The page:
My favorite Ridley Scott movie is still Thelma & Louise.
I have not read Andy Weir’s novel (originally self-published), upon which the film The Martian is based, but this is not Scott’s first foray into space.
Remember Alien and Prometheus? The Martian is similarly well-crafted (if less viscerally engaging than Alien).
The story is simple: a botanist is left behind on a mission to Mars when a storm hits and the other astronauts believe he is dead. NASA officials don’t know the scientist is alive at first, but once they do, there is a mad scramble to try to rescue him.
Notice how I avoided the phrase “manned space mission”?
That language always annoys me. Why can’t things described as “manned” instead be termed “staffed” or some other suitable, gender-neutral descriptor? Words are important because they signify how we imagine and structure the world.
This particular mission is, in fact staffed with a diverse crew (which I appreciate), including Jessica Chastain as the commander of the ship, Melissa Lewis; Michael Peña as Rick Martinez; Kate Mara as Beth Johanssen; and, Aksel Hennie as Alex Vogel. Matt Damon plays Mark Watney, the crew member left behind.
Diversity at NASA, a collaborating university, and (ultimately) an allied country, are also welcome.
I don’t automatically see a preview trailer for a space picture and think, “Gee, I can’t wait to see this movie,” but I try to keep an open mind.
The Martian is aesthetically engaging, but it is a bit long overall coupled with pacing issues that make the resolution feel rushed.
That’s not my biggest problem with the movie, however. And, I’m not talking about the science because I can’t speak authoritatively about that.
I’m struck instead by how much screen time Damon has as Mark Watney and how little I know about him.
SPOILERS TO FOLLOW.
I saw the film with my friend Allison, a writer who notices narrative details, and she said afterward that she appreciated how Watney did not have a spouse or partner waiting and grieving back on Earth because that is the expected thing. Brief mention is made of his parents, but there do not seem to be other family members left behind.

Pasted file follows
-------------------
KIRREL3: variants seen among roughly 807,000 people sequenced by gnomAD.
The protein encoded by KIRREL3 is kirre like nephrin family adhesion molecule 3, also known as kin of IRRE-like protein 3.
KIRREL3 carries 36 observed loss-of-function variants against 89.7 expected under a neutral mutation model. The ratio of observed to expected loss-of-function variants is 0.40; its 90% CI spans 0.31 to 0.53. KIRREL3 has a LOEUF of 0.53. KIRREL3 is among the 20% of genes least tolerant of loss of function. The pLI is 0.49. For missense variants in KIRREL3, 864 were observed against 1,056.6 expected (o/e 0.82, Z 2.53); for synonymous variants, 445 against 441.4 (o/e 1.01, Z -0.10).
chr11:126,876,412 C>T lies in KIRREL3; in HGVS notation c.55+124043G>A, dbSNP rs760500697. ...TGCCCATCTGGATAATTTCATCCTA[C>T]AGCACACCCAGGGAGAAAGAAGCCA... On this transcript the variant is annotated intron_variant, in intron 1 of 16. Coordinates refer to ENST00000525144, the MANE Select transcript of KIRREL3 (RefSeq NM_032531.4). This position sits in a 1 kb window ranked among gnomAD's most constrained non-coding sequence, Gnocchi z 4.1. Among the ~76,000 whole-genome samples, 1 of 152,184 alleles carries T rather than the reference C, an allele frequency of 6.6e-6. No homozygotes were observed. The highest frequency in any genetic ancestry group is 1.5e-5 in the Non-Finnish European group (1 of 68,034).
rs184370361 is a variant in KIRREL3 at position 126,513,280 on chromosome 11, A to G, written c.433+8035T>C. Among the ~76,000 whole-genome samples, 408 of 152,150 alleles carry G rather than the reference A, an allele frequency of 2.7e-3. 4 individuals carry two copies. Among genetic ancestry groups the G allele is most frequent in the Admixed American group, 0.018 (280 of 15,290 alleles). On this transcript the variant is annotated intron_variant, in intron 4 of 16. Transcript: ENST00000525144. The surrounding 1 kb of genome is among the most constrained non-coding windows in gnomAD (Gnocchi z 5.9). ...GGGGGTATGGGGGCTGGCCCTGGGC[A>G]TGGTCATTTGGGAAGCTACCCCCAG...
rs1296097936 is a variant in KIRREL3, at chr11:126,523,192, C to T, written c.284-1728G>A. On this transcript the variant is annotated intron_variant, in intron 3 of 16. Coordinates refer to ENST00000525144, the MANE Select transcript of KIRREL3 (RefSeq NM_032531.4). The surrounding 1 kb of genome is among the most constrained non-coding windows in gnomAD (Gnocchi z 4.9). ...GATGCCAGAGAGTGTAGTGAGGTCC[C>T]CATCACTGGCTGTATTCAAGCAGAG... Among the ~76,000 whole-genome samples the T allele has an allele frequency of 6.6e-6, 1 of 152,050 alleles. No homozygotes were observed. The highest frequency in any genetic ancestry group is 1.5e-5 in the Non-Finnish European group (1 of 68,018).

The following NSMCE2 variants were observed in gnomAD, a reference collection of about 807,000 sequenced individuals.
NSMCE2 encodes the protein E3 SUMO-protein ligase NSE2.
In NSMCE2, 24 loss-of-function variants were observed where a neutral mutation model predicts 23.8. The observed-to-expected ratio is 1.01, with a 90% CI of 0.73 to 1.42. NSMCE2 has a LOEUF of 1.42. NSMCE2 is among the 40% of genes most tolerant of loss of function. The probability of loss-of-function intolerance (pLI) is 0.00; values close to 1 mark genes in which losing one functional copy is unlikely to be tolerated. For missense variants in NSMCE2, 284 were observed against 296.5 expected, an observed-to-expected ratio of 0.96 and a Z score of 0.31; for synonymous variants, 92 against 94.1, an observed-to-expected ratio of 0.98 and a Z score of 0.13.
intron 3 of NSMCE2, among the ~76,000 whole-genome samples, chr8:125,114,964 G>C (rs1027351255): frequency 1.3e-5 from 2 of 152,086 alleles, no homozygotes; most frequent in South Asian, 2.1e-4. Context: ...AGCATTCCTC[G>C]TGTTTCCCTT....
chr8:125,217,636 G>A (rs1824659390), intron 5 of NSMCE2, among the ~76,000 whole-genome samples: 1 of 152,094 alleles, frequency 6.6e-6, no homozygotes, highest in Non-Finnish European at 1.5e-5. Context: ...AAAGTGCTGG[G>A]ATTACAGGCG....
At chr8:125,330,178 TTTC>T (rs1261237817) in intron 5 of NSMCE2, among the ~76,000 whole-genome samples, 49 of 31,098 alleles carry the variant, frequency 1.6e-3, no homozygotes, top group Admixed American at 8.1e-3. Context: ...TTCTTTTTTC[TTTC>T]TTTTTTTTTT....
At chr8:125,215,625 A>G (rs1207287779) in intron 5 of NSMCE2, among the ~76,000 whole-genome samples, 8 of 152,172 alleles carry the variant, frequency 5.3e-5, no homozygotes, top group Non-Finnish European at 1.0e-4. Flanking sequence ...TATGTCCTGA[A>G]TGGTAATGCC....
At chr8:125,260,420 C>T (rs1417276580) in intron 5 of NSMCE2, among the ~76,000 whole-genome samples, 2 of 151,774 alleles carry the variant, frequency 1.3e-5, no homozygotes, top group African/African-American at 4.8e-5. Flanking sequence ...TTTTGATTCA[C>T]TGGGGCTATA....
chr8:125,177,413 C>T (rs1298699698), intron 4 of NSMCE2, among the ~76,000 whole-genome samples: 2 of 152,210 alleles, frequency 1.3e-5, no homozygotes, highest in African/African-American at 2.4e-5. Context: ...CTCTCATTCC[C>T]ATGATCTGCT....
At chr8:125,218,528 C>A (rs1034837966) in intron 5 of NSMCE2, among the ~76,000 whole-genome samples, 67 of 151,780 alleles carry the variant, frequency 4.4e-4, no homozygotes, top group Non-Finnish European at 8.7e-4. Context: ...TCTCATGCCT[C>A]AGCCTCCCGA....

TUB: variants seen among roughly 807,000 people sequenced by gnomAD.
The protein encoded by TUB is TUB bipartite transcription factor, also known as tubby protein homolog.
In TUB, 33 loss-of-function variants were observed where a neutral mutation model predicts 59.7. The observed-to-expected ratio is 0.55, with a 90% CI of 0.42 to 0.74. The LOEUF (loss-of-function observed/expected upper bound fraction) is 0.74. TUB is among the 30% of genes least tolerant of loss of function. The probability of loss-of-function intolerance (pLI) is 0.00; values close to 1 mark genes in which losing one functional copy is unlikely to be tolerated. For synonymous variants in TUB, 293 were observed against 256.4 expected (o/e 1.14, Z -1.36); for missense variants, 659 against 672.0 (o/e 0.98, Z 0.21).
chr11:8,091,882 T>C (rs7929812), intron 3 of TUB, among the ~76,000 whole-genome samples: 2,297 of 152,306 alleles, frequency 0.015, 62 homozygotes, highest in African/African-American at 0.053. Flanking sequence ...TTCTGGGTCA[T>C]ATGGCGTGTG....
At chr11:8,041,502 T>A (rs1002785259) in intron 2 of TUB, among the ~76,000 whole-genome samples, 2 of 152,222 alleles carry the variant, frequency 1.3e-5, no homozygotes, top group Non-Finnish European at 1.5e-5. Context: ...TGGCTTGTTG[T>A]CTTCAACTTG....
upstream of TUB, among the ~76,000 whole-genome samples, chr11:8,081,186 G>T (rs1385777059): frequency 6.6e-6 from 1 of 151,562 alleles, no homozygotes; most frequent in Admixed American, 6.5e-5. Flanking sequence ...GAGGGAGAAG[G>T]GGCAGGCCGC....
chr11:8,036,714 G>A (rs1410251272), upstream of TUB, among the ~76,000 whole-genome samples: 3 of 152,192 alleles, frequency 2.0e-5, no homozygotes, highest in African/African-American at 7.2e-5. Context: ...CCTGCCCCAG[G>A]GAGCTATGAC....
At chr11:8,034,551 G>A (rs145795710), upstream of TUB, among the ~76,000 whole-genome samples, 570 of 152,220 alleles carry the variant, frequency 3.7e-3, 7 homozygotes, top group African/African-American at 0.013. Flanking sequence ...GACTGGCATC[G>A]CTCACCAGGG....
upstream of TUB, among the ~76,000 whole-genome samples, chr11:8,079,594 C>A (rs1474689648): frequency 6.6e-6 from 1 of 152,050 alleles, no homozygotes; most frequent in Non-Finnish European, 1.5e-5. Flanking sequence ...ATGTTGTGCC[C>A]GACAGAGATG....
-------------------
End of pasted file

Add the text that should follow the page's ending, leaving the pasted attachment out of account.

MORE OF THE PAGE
That’s a nice touch – I agree – but I can’t think of anything else I know about him that is particular. He’s smart and disciplined, sure, but I know more about Commander Lewis because her favored disco music torments Watney than I do about the focal point of the story.
The contrast is striking – annoying disco music on Mars – but why didn’t he have his own music on his computer? What about the other members of the crew? Why do I feel that I know Lewis better than Watney even though she has far less screen time? Part of it is the music, the brief video transmission from her partner, and her interactions with members of her crew, but it goes deeper than that.
Fundamentally, I need to know more about Watney to care more deeply about him.
In the final analysis, my response to the film is that I intellectualized the experience of viewing it. There were no moments of transcendence for me. This is a striking contrast, say, to Gavity, which reeled me in, wringed me out, and gave me a joyful release when the protagonist survives.
Watching The Martian felt more like an intellectual exercise for me with less willing suspension of disbelief and less concern about who might live or die than from what I consider the best or most effective science fiction films.
One personal bonus for me, however, is the final scene in the classroom; now I have one more teacher to include in the new edition of The Hollywood Curriculum!